ALIEN – ALtitude Imaging Entering Near-space

June 12, 2009

A motherload

Yaesu FT-790R 70cm (~434 Mhz) radio

Yaesu FT-790R (70cm transceiver)

It’s been a while since you properly heard from us… that boils down to three things: Exams, Hard-work and Laziness.

However, quite a few things have happened! So it’s time for one heck of a post to describe them.

Radio work

One of the kind members of UKHAS (#highaltitude on irc.freenode.net) called James Coxon (jcoxon) lent us his Yaesu FT-790R which, while being the first transceiver we’ve touched, as far as we know is very good! Simrun received the stoic brick and seemed to be able to operate it very easily. Eventually I met up with him and we set about wiring up the Radiometrix NTX2 appropriatly. Because we’re running our Atmega on 5V this proved difficult…

The TX Input to the radio is analogue and is centered around 1.2 Volts (ie. giving it 1.2 volts should produce the exact carrier frequency). It’s single side band, so giving it 0.9 Volts would result in roughly 400 KHz less. We’re using RTTY which means that the receiver will emit one of two tones at any instant, one meaning a binary 0 (a ‘space’) and one meaning a binary 1 (a ‘mark’). We chose to use baud 50 – ie. we send 50 marks/spaces a second, and the ‘protocol’ is exactly the same a standard serial interface. We’re using the parameters ‘7n1’, meaning 7 data bits (our ASCII), no parity bits, 1 ‘stop’ bit. Thus for each byte, send a ‘start’ bit as a space, send the 7 data bits, then send a mark (the stop bit). Then you can repeat the process for another byte or remain at a mark level, the idle state. We had to feed the radio 0.9V for a space and 1.2V for a mark… it’s potential divider time!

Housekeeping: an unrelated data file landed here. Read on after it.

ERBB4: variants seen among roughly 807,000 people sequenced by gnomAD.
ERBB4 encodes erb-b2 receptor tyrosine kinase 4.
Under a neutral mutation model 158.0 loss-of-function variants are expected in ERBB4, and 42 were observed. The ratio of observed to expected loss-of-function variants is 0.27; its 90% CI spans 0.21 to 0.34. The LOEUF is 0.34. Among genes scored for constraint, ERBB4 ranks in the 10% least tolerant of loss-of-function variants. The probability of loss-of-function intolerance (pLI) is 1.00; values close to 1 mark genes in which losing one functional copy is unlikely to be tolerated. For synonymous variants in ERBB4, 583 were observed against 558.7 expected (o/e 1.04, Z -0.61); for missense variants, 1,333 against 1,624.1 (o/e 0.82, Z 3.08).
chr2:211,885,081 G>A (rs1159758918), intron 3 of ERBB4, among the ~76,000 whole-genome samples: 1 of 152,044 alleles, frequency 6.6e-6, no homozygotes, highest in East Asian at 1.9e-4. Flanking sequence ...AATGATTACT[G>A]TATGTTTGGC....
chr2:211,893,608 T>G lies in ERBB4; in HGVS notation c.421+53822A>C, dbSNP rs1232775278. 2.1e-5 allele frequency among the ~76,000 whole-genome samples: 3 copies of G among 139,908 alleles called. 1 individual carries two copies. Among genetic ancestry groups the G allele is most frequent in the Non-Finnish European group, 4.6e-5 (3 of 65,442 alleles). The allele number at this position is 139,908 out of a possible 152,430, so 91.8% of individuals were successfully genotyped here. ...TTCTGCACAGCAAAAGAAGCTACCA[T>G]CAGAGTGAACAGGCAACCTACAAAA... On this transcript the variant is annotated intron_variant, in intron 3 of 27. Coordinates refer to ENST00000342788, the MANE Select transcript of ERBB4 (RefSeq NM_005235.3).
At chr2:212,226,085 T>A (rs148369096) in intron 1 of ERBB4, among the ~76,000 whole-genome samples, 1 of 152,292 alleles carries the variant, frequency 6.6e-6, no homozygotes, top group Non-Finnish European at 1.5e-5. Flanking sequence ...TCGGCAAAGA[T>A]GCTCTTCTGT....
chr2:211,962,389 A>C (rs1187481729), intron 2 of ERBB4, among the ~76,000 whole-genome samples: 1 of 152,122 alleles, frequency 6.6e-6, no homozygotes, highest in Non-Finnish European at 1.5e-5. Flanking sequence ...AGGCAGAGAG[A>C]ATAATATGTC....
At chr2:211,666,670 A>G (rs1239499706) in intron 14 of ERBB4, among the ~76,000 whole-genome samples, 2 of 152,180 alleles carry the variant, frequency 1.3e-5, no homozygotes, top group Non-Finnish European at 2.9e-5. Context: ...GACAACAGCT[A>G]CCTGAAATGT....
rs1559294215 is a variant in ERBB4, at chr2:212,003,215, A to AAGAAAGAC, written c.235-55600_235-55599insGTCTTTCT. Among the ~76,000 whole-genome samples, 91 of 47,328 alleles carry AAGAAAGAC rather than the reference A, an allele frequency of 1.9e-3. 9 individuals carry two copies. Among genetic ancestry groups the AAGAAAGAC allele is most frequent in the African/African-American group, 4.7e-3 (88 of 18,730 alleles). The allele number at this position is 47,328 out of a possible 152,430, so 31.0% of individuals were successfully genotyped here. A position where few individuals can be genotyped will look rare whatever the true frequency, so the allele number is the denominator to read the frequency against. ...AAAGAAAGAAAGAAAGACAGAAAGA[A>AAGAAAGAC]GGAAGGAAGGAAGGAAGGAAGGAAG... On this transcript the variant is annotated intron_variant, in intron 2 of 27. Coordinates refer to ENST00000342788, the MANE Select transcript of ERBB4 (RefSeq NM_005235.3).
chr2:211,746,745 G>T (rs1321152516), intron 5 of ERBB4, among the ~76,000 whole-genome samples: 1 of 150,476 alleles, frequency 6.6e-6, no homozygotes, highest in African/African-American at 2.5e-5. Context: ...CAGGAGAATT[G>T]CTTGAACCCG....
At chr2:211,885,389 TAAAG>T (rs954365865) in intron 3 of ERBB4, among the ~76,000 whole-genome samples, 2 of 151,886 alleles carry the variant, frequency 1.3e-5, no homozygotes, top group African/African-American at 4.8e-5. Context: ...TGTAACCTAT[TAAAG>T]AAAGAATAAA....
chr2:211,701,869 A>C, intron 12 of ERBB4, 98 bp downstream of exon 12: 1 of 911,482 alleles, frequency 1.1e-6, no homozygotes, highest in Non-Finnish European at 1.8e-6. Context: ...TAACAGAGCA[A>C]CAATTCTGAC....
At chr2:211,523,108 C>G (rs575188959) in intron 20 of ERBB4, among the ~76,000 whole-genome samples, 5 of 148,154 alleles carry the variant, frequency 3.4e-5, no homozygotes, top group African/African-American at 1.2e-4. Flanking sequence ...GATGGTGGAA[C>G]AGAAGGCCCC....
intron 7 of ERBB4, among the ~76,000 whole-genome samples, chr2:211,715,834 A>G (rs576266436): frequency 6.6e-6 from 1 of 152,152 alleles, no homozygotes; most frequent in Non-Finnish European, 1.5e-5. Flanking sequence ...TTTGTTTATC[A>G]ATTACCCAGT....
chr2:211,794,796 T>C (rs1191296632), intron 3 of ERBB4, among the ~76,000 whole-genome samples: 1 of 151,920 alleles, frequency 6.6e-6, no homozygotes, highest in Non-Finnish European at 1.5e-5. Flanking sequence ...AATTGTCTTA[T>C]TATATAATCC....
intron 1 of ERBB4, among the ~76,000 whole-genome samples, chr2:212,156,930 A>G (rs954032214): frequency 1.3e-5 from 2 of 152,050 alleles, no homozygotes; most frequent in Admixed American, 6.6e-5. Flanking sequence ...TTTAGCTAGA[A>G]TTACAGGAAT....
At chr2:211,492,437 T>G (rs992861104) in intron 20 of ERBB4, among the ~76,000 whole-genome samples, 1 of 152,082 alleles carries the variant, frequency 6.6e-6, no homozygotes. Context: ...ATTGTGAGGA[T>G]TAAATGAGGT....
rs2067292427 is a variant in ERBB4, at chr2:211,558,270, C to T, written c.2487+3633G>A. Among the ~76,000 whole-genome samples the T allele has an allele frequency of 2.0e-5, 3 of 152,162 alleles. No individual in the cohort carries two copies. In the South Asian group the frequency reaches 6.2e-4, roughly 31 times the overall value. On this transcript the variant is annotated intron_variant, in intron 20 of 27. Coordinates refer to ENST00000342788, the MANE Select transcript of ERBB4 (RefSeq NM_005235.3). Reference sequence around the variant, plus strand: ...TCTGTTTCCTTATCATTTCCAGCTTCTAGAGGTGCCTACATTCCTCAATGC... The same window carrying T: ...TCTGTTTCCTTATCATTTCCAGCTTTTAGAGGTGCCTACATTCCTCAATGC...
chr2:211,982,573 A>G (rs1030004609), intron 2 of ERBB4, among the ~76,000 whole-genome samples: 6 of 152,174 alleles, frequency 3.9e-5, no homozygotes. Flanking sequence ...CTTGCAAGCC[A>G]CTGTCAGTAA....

Radiometrix NTX2 Schematic - Part of the ALIEN1 Flight Computer

Radiometrix NTX2 Schematic - Part of the ALIEN1 Flight Computer

The eventual resistor configuration used is shown in my Eagle diagram to the right.

Having set that up with fixed resistors, we tuned in the radio and heard a whole load of meaningless beeps – but it sounded pretty cool. We grabbed a spare 3.5mm audio cable, connected radio to computer and started fldigi – a super open-source (free) program for decoding anything and everything to do with Amateur Radio. I had programmed the Atmega to do send Hello World (more on that later) and guess what! Up comes onto the screen ‘Hello World Hello World Hello World’. Success!

Aerial to transmit with? We grabbed the nearest piece of wire and connected it to the RF OUT – most likely a horribly incompatible antenna, but hey. Positioning it by the window we headed out to a nearby hill to see how good the range was, and got 800 metres before the beeps were really distorted. We also managed to scare and alienate some locals! Simrun decided that whenever we passed someone, he needed to test the radio… at maximum volume. Finally, we grabbed my old laptop and went out again to the field, and managed to decode it at 600m – we didn’t try 800m because the terrible battery ran out.

So all is good with the radio transmission. Let’s just ignore the failure with the Yagi.

SMS Work